Looking for an even easier dog food topper? Drizzle some oil. Few supplements are as popular as salmon or fish oil for the canine mealtime — and for good reason. Fish oil is among the most beneficial additives to the canine diet: it is excellent for the treatment of canine allergies, but is now recommended for everything from arthritis to high cholesterol as well. One convention for calculating the amount of fish oil to include in your dog’s diet is to multiply your dog’s weight (in pounds) by 20. For a 60-pound dog, for example, the daily target dose is 1,200 mg. Another great dog food topper is flax seed oil, which is credited with healing, strengthening bones and maintaining dog’s energy. Flax seed and olive oil are both great sources of antioxidants, and key for maintaining canine cardiovascular health.

Dog Food Toppers For the Home Cook 

Dogs love organ meat, and they don’t need a whole meal of it to enjoy it (in fact, they probably shouldn’t have a whole meal of it!). Ask your local butcher or farmers’ market vendors if they offer pre-packaged organ meat, such as heart, liver and kidney. Cut the meat into tiny bites and scatter a few on top of your dog’s meal; the meat can be either raw or lightly braised. 

Low-prep Topping Ideas: Grated carrots, sautéed zucchini, steamed and diced (frozen) veggies, grated low-sodium cheeses, veggie, chicken or turkey stock (low sodium).
Tip: Freeze your stock in an ice-cube tray and defrost a cube daily.

You’ll find a common method in many a canine cookbook, one you can freely adapt based on what you have at home. But you don’t need a PhD in animal nutrition to boost your dog’s meals. One more home cooking approach: simply buy a medley of vegetables in bulk (see low-prep list above) and oven-roast as many as your dog might eat in four to five days, then store in refrigerator and add at mealtime. A healthy “fast food” your dog will love. You can even just stock up on frozen vegetables — defrost and serve!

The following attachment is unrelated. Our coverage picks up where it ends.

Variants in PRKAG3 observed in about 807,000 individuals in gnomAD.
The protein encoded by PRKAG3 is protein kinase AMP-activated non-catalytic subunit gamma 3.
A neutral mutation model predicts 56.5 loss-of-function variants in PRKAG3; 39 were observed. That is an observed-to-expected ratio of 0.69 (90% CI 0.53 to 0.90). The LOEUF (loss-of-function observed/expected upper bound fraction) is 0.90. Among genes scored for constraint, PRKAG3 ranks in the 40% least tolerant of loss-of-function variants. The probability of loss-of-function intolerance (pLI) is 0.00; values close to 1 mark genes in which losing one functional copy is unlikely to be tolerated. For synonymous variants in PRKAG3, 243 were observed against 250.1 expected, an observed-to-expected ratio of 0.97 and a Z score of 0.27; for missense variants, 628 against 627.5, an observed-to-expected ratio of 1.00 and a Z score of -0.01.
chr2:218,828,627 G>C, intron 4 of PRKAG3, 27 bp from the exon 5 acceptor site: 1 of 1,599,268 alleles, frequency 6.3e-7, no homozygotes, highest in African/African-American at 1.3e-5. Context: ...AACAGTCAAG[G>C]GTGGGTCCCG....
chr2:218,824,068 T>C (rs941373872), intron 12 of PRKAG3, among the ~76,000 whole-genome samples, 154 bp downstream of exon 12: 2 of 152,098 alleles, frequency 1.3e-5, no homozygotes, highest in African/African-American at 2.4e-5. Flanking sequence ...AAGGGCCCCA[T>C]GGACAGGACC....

Quick Note about Calories

Remember that the addition of toppers to your dogs’ food requires that you reduce the amount of kibble or other food you offer him along with it. General guidelines may not result in the best regimen for your particular dog, so check the appropriate caloric intake by consulting with your veterinarian before making significant dietary changes.

homemade dog food topper recipe

Springtime Dog Food Topper Recipe

Lucy Postins, pet nutritionist and founder of The Honest Kitchen, has come up with a series of dog-jaw-dropping toppers for all occasions, including this super healthy recipe. Postins selected these ingredients with a dog’s health in mind. Both cherries and fennel are packed with powerful antioxidants, and fava beans tonify, or maintain the healthy function of, the spleen, liver, kidneys and pancreas.

1/4 cup fresh fennel, finely diced, raw or steamed
1/4 cup fava beans, lightly cooked
1 Tbsp. cherries, pitted and diced
1/2 cup live-culture plain yogurt
1 cup cooked ground meat such as turkey (optional)

Easy Preparation
1. Combine all the ingredients gently with a spoon in a large bowl.
2. Add a couple of tablespoons of the mix to each of your pet’s usual meals.
3. Refrigerate any leftovers for two to three days in a covered container.

When it comes to the kinds of homemade dog food toppers you can offer your dog, the world is your oyster (which dogs especially love, smoked, preferably!). Use these ideas as inspiration to free your inner top chef. Remember that each dog is different, so if one recipe doesn’t pique your dog’s interest, try a new one. Experiment, and don’t forget to share word of your well-received delights with us. And we’ll return the favor — get more healthy homemade dog food recipes that your dogs will go wild for. 

Article first appeared in The Bark, Issue 69: Mar/Apr/May 2012

Photos: Shutterstock

Elizabeth Kennedy is a freelance writer and editor in the San Francisco Bay Area.